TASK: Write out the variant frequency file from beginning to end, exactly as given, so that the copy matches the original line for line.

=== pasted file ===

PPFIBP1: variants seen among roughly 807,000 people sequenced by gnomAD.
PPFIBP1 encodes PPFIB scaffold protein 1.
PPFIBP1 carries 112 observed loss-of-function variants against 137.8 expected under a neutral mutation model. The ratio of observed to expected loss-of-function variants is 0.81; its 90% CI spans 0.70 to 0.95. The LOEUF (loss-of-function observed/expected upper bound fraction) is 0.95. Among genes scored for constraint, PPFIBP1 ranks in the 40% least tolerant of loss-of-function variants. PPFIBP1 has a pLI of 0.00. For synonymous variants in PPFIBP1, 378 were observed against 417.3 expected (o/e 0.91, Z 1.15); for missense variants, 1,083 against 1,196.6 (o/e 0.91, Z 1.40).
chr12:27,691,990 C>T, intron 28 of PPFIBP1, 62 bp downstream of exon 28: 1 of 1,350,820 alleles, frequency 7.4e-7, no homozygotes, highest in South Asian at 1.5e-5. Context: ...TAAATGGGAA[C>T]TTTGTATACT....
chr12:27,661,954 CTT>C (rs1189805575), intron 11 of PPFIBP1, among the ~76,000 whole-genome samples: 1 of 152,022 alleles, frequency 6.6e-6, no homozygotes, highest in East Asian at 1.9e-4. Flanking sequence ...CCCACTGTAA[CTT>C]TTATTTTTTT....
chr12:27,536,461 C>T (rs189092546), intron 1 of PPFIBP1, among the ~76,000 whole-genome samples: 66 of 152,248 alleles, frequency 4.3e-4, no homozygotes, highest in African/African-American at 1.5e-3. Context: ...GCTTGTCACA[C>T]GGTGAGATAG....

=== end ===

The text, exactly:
PPFIBP1: variants seen among roughly 807,000 people sequenced by gnomAD.
PPFIBP1 encodes PPFIB scaffold protein 1.
PPFIBP1 carries 112 observed loss-of-function variants against 137.8 expected under a neutral mutation model. The ratio of observed to expected loss-of-function variants is 0.81; its 90% CI spans 0.70 to 0.95. The LOEUF (loss-of-function observed/expected upper bound fraction) is 0.95. Among genes scored for constraint, PPFIBP1 ranks in the 40% least tolerant of loss-of-function variants. PPFIBP1 has a pLI of 0.00. For synonymous variants in PPFIBP1, 378 were observed against 417.3 expected (o/e 0.91, Z 1.15); for missense variants, 1,083 against 1,196.6 (o/e 0.91, Z 1.40).
chr12:27,691,990 C>T, intron 28 of PPFIBP1, 62 bp downstream of exon 28: 1 of 1,350,820 alleles, frequency 7.4e-7, no homozygotes, highest in South Asian at 1.5e-5. Context: ...TAAATGGGAA[C>T]TTTGTATACT....
chr12:27,661,954 CTT>C (rs1189805575), intron 11 of PPFIBP1, among the ~76,000 whole-genome samples: 1 of 152,022 alleles, frequency 6.6e-6, no homozygotes, highest in East Asian at 1.9e-4. Flanking sequence ...CCCACTGTAA[CTT>C]TTATTTTTTT....
chr12:27,536,461 C>T (rs189092546), intron 1 of PPFIBP1, among the ~76,000 whole-genome samples: 66 of 152,248 alleles, frequency 4.3e-4, no homozygotes, highest in African/African-American at 1.5e-3. Context: ...GCTTGTCACA[C>T]GGTGAGATAG....